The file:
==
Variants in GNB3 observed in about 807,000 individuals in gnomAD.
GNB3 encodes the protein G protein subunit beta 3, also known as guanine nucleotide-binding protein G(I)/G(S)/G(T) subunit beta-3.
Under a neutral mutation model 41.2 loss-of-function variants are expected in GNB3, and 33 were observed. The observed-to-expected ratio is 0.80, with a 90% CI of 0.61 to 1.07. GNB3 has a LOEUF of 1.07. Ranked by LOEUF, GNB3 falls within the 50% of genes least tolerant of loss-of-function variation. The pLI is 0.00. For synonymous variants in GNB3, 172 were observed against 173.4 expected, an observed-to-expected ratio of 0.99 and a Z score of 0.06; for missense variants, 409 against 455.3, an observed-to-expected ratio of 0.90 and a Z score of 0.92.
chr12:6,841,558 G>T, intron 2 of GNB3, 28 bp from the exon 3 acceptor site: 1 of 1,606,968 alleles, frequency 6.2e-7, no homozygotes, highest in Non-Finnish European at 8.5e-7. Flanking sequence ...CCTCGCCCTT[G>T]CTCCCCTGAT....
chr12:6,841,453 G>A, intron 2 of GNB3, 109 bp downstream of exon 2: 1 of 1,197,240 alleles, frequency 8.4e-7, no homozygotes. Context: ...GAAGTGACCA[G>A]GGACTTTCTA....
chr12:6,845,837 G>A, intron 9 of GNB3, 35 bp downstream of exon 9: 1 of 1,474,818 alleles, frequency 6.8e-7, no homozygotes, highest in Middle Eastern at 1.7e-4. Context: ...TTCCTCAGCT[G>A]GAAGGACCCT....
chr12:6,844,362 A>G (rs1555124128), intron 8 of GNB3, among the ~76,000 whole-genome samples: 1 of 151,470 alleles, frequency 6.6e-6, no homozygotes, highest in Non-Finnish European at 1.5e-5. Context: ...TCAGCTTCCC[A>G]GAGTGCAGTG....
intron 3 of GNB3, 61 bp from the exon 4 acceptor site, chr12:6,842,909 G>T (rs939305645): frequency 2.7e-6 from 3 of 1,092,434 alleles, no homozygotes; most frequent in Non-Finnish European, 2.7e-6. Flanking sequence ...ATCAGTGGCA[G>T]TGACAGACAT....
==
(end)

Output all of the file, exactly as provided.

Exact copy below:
Variants in GNB3 observed in about 807,000 individuals in gnomAD.
GNB3 encodes the protein G protein subunit beta 3, also known as guanine nucleotide-binding protein G(I)/G(S)/G(T) subunit beta-3.
Under a neutral mutation model 41.2 loss-of-function variants are expected in GNB3, and 33 were observed. The observed-to-expected ratio is 0.80, with a 90% CI of 0.61 to 1.07. GNB3 has a LOEUF of 1.07. Ranked by LOEUF, GNB3 falls within the 50% of genes least tolerant of loss-of-function variation. The pLI is 0.00. For synonymous variants in GNB3, 172 were observed against 173.4 expected, an observed-to-expected ratio of 0.99 and a Z score of 0.06; for missense variants, 409 against 455.3, an observed-to-expected ratio of 0.90 and a Z score of 0.92.
chr12:6,841,558 G>T, intron 2 of GNB3, 28 bp from the exon 3 acceptor site: 1 of 1,606,968 alleles, frequency 6.2e-7, no homozygotes, highest in Non-Finnish European at 8.5e-7. Flanking sequence ...CCTCGCCCTT[G>T]CTCCCCTGAT....
chr12:6,841,453 G>A, intron 2 of GNB3, 109 bp downstream of exon 2: 1 of 1,197,240 alleles, frequency 8.4e-7, no homozygotes. Context: ...GAAGTGACCA[G>A]GGACTTTCTA....
chr12:6,845,837 G>A, intron 9 of GNB3, 35 bp downstream of exon 9: 1 of 1,474,818 alleles, frequency 6.8e-7, no homozygotes, highest in Middle Eastern at 1.7e-4. Context: ...TTCCTCAGCT[G>A]GAAGGACCCT....
chr12:6,844,362 A>G (rs1555124128), intron 8 of GNB3, among the ~76,000 whole-genome samples: 1 of 151,470 alleles, frequency 6.6e-6, no homozygotes, highest in Non-Finnish European at 1.5e-5. Context: ...TCAGCTTCCC[A>G]GAGTGCAGTG....
intron 3 of GNB3, 61 bp from the exon 4 acceptor site, chr12:6,842,909 G>T (rs939305645): frequency 2.7e-6 from 3 of 1,092,434 alleles, no homozygotes; most frequent in Non-Finnish European, 2.7e-6. Flanking sequence ...ATCAGTGGCA[G>T]TGACAGACAT....